TRIGGERS

Born in epidemic—circa 1986 Jamaica,
Queens—when tiny white caps filled with
that modern-day cotton, moored most under

a parking lot’s dim cone of light—when
paraded in chambers of those born to triggers
was that sin which weaned fathers

from sons; tricked out the best in us—
a resilient few kept from boxes,
though what was left was worsted in haze

on those horrid nights—when what was
promissory was plight was norm,
and what was dealt—mnemonic so strong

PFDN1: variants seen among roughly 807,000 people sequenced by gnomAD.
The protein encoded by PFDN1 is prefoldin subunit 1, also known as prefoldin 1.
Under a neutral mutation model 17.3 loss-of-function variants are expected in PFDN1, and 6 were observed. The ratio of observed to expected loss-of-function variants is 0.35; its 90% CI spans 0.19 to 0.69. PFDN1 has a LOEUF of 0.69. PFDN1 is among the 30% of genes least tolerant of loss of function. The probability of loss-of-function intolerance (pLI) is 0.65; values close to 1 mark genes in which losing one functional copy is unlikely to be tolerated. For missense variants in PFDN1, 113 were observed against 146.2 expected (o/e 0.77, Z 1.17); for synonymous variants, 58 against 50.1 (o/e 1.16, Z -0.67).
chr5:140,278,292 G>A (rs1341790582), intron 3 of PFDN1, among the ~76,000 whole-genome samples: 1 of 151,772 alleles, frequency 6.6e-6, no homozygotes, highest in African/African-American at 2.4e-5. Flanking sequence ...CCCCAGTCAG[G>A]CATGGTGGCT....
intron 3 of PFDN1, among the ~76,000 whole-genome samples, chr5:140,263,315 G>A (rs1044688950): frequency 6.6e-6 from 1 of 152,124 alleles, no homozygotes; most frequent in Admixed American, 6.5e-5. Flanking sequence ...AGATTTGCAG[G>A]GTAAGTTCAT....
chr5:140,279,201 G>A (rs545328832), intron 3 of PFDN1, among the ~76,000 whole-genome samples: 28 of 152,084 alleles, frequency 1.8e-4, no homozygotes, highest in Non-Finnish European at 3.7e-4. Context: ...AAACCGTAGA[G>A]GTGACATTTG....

I kept it in my mind like one rehearsing
lines in an orograph for pain—
a pain, like bait, that turned gain

into the cleanest demise. And when I stood
to cleave it, the fight empty as cavity,
the strife—marked by omission. Everything

I saw was enemy—even this face, fair game.

Leave a comment

Leave a Reply